Contrary to popular belief, being a mangaka is tough. Not only do you have to satisfy fans and critics, but you have to meet tough deadlines, frequent all-nighters, high amounts of stress, and make sure that your artwork remains consistent.
A mangaka’s success is reflected in the sales of his manga, but when it comes to the used-manga market, mangaka often don’t make that much. And that is the reason why Hiroya Oku, the mangaka behind works such as Gantz and yuri manga, Hen: Strange Love, isn’t such a big fan of buying used manga.
In a recent tweet, the famous mangaka went off against buying used manga. He said that:
“This might shatter some kids’ illusions, but no manga creators can keep producing comics if people are just going to read through them at the store without buying them, or buy them from Yahoo! Auctions or used book stores. Creators just can’t do it. But there are so many adults who get their manga that way, even though they know the situation. If you want to support a manga creator, please buy your manga new, at list price, as often as you can.”
According to Rocket News 24, the reason for Oku talking against buying used manga is the way mangaka are paid for their works.
“While the original artist and writer receive royalties for each new volume sold, there’s no such income stream when a used copy is purchased. Likewise, royalties are paid for manga rentals, but not when customers make use of a manga cafe.”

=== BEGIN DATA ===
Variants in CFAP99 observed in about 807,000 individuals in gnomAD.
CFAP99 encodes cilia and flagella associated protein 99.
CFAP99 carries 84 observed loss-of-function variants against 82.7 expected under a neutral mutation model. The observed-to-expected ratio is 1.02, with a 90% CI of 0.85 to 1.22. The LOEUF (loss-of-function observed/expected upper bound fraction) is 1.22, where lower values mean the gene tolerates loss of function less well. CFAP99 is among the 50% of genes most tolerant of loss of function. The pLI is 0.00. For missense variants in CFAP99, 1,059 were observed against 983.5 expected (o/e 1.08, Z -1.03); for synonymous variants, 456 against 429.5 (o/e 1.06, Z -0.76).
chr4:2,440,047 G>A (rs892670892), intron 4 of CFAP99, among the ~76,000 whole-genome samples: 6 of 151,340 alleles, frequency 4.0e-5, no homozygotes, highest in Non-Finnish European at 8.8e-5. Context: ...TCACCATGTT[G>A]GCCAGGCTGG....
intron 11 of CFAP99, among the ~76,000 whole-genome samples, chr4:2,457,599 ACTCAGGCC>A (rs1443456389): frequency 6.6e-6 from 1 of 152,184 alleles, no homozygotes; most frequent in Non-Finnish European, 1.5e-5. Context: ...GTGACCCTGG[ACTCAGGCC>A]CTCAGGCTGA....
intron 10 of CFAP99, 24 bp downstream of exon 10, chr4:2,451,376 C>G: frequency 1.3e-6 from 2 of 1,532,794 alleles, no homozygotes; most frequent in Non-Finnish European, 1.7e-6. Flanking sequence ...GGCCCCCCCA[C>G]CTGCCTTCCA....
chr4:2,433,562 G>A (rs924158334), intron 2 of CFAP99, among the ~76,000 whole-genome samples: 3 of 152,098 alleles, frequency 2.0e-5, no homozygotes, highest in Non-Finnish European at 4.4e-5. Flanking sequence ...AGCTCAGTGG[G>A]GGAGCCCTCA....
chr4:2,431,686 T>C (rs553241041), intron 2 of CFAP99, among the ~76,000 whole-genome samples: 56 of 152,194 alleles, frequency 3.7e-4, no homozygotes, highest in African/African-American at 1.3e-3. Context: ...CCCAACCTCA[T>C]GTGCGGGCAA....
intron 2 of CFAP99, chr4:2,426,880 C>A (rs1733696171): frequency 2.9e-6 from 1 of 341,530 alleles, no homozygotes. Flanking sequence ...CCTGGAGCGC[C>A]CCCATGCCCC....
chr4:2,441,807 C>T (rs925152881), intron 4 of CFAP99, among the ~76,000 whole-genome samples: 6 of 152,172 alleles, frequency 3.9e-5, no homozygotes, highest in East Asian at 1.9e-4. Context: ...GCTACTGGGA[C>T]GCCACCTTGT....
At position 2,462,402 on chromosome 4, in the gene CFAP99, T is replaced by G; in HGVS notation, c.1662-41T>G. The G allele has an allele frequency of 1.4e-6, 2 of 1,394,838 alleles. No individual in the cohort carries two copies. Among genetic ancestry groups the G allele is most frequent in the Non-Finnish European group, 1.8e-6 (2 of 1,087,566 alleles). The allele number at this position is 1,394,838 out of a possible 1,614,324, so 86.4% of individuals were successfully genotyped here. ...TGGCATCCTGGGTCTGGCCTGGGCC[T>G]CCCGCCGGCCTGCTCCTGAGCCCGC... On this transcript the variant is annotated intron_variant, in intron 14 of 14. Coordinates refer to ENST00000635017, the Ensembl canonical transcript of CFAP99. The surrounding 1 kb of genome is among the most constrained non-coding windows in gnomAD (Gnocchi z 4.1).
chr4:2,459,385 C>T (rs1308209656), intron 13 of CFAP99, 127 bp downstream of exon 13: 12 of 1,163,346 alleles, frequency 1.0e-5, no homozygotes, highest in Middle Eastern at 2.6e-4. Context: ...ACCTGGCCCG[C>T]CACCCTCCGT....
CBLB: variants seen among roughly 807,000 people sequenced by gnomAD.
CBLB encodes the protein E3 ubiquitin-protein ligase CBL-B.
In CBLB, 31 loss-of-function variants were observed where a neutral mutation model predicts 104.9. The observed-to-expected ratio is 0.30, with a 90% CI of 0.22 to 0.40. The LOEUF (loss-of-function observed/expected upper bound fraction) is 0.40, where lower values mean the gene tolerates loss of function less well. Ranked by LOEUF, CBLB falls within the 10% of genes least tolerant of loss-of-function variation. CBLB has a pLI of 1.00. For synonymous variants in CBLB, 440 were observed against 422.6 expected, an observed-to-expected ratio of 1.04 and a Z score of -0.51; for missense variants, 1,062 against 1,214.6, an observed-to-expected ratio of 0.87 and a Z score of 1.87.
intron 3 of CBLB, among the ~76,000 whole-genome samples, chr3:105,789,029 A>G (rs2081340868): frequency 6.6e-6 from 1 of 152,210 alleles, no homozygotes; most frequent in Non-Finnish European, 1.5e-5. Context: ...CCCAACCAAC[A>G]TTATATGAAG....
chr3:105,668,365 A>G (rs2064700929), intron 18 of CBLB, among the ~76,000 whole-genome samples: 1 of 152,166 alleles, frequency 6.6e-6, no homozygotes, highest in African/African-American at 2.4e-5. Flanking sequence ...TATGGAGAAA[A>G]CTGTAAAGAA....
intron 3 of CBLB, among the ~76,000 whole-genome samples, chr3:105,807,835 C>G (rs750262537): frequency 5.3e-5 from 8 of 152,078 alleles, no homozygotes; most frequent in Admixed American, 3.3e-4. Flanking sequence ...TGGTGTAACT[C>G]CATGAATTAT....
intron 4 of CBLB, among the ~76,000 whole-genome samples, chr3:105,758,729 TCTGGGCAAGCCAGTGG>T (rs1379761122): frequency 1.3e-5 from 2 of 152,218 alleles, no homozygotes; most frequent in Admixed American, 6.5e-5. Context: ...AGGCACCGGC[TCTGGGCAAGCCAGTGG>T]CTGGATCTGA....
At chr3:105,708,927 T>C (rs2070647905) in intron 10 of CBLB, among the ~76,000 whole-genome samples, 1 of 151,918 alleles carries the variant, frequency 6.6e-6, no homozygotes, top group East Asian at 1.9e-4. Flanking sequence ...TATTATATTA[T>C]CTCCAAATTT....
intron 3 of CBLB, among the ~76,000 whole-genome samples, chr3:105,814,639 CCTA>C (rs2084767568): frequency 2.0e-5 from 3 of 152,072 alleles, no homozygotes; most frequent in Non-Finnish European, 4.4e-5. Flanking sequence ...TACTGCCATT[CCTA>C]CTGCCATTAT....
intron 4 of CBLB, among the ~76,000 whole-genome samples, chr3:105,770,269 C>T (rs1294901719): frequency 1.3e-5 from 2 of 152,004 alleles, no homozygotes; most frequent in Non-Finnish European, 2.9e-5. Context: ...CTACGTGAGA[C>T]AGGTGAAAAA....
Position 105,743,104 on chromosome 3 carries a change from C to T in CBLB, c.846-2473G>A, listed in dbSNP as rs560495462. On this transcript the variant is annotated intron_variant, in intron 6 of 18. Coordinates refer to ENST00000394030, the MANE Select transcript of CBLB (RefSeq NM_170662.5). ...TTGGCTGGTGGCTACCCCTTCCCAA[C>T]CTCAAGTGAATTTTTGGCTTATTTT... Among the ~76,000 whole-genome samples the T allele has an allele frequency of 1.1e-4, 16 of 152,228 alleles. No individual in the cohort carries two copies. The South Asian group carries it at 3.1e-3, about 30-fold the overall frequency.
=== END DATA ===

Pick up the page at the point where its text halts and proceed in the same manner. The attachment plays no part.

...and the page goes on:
While many mangaka, such as One Piece’s Eiichiro Oda, Full Metal Alchemist’s Hiromu Arakawa, and Fairy Tail’s Hiro Mashima get plenty of income with the royalties alone, many mangaka whose works aren’t as popular are feeling enormous financial constraints. In other words, if your works aren’t popular, you ain’t getting much money.
Because of Oku’s tweet, many have started talking about not buying used manga, with some offering suggestions such as the possibility of installing a system under which a percentage of the sale price at a used store or online auction would be paid to the creator. However, that poses another problem: Who would be willing to pay for the royalties? The buyer or the seller? There’s also the fact that authors getting royalties could affect the demand for new books.
In the end, this problem won’t be solved easily, and as Rocket News pointed out, “Oku probably takes some pleasure in the fact that Japanese companies are slowly coming around to the idea of digital manga publishing, which takes resales off the table. With physical-form manga still the dominant way fans read their favorite series, though, the issue of used sales falling outside the realm of royalties is likely to continue to rub Oku the wrong way for some time.”
Source: Rocket news 24